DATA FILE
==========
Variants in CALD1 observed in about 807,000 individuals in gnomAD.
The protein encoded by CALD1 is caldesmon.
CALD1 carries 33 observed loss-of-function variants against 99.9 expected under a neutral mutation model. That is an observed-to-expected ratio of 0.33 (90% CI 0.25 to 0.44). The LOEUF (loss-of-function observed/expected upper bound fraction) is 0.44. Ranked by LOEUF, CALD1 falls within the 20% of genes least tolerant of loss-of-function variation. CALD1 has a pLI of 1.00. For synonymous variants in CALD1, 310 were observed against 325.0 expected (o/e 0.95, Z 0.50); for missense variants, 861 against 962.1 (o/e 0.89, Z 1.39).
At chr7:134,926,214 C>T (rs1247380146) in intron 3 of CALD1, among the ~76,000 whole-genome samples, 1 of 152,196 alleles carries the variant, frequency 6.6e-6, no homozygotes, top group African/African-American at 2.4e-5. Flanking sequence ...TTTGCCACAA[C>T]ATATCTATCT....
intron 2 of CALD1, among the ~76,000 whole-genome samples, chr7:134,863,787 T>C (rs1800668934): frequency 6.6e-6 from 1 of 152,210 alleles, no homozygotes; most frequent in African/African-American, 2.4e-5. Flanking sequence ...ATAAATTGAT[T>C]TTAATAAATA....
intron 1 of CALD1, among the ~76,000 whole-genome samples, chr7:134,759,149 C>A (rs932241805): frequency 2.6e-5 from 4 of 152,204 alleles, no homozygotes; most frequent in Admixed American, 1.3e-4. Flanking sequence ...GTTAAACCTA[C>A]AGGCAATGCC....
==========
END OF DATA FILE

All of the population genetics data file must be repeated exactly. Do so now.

Variants in CALD1 observed in about 807,000 individuals in gnomAD.
The protein encoded by CALD1 is caldesmon.
CALD1 carries 33 observed loss-of-function variants against 99.9 expected under a neutral mutation model. That is an observed-to-expected ratio of 0.33 (90% CI 0.25 to 0.44). The LOEUF (loss-of-function observed/expected upper bound fraction) is 0.44. Ranked by LOEUF, CALD1 falls within the 20% of genes least tolerant of loss-of-function variation. CALD1 has a pLI of 1.00. For synonymous variants in CALD1, 310 were observed against 325.0 expected (o/e 0.95, Z 0.50); for missense variants, 861 against 962.1 (o/e 0.89, Z 1.39).
At chr7:134,926,214 C>T (rs1247380146) in intron 3 of CALD1, among the ~76,000 whole-genome samples, 1 of 152,196 alleles carries the variant, frequency 6.6e-6, no homozygotes, top group African/African-American at 2.4e-5. Flanking sequence ...TTTGCCACAA[C>T]ATATCTATCT....
intron 2 of CALD1, among the ~76,000 whole-genome samples, chr7:134,863,787 T>C (rs1800668934): frequency 6.6e-6 from 1 of 152,210 alleles, no homozygotes; most frequent in African/African-American, 2.4e-5. Flanking sequence ...ATAAATTGAT[T>C]TTAATAAATA....
intron 1 of CALD1, among the ~76,000 whole-genome samples, chr7:134,759,149 C>A (rs932241805): frequency 2.6e-5 from 4 of 152,204 alleles, no homozygotes; most frequent in Admixed American, 1.3e-4. Flanking sequence ...GTTAAACCTA[C>A]AGGCAATGCC....